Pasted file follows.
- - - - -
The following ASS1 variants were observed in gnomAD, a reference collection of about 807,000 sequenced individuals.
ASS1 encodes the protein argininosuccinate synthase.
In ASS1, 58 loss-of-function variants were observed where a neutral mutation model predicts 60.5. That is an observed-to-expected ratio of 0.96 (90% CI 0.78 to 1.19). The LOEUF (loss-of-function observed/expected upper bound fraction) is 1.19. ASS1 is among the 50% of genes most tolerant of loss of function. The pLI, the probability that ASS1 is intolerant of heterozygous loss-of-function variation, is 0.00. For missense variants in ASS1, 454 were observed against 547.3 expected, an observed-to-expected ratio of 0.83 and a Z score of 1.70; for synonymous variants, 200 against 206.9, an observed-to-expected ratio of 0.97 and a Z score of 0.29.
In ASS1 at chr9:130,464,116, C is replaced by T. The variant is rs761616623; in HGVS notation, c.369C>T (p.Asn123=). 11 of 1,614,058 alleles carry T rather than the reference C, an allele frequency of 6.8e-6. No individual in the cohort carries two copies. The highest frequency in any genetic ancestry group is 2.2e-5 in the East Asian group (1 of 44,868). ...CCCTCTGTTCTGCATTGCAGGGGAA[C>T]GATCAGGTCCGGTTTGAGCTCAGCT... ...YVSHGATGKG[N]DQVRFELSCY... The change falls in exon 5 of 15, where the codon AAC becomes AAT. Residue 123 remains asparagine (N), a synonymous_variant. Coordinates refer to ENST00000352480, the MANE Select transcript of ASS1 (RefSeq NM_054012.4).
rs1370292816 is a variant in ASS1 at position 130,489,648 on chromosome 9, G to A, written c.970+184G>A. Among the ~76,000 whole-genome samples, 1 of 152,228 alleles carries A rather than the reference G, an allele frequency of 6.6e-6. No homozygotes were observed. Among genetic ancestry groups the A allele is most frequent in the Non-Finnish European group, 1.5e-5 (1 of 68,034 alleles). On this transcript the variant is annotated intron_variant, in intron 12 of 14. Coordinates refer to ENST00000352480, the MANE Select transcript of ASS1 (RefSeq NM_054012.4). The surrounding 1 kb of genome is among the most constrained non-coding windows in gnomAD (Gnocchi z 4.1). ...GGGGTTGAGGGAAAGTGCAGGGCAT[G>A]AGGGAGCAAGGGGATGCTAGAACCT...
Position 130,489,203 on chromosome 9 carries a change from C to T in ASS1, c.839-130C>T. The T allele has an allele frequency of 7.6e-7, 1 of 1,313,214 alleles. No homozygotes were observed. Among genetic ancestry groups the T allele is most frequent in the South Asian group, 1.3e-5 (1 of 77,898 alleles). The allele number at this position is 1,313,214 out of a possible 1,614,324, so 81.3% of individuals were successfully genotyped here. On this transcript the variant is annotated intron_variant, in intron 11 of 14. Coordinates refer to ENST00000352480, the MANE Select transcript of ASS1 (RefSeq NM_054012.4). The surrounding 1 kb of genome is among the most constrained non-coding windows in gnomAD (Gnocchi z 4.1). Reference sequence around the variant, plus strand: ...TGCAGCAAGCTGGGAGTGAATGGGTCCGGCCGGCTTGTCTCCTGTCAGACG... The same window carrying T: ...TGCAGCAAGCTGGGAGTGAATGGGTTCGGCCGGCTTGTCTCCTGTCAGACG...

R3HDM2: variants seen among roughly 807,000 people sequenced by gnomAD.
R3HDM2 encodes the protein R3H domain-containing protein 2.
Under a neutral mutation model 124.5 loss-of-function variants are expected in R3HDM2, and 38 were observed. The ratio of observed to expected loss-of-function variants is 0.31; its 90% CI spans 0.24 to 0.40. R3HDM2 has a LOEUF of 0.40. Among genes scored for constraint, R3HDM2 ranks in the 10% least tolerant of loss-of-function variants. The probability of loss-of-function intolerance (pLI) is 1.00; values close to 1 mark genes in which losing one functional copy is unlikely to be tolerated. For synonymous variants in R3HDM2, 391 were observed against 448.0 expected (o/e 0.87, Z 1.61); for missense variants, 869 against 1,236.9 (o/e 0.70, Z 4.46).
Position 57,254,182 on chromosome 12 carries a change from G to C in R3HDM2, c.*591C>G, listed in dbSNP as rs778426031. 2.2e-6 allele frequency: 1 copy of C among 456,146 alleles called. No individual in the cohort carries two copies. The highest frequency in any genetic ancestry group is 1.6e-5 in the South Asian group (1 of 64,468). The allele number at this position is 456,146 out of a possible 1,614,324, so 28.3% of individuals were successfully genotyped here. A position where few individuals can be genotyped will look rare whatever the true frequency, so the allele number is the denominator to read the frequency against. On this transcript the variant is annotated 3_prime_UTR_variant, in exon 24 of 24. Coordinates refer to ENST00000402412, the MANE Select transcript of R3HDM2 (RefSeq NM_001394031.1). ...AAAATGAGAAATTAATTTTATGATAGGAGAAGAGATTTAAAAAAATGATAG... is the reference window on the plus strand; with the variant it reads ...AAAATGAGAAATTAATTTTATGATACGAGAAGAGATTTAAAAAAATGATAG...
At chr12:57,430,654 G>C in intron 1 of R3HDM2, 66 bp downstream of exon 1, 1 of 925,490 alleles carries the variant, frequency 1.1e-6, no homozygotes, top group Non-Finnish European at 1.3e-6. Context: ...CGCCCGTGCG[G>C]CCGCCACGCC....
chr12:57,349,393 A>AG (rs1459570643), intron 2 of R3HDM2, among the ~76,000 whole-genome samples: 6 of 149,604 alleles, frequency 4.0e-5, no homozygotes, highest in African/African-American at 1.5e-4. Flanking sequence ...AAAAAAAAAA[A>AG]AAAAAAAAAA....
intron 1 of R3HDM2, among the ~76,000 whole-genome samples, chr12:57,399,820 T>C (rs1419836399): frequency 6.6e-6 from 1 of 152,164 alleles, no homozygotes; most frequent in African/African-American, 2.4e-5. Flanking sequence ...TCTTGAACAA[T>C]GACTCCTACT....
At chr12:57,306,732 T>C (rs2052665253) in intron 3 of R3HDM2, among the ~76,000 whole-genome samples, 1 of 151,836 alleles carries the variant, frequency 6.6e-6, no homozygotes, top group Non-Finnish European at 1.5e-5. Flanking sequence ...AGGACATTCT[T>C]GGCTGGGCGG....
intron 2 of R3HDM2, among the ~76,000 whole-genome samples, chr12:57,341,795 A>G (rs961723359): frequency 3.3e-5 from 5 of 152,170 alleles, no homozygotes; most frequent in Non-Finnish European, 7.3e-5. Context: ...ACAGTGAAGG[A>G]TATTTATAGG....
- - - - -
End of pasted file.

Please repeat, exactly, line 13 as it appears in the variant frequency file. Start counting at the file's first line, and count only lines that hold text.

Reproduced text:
intron 1 of R3HDM2, among the ~76,000 whole-genome samples, chr12:57,399,820 T>C (rs1419836399): frequency 6.6e-6 from 1 of 152,164 alleles, no homozygotes; most frequent in African/African-American, 2.4e-5. Flanking sequence ...TCTTGAACAA[T>C]GACTCCTACT....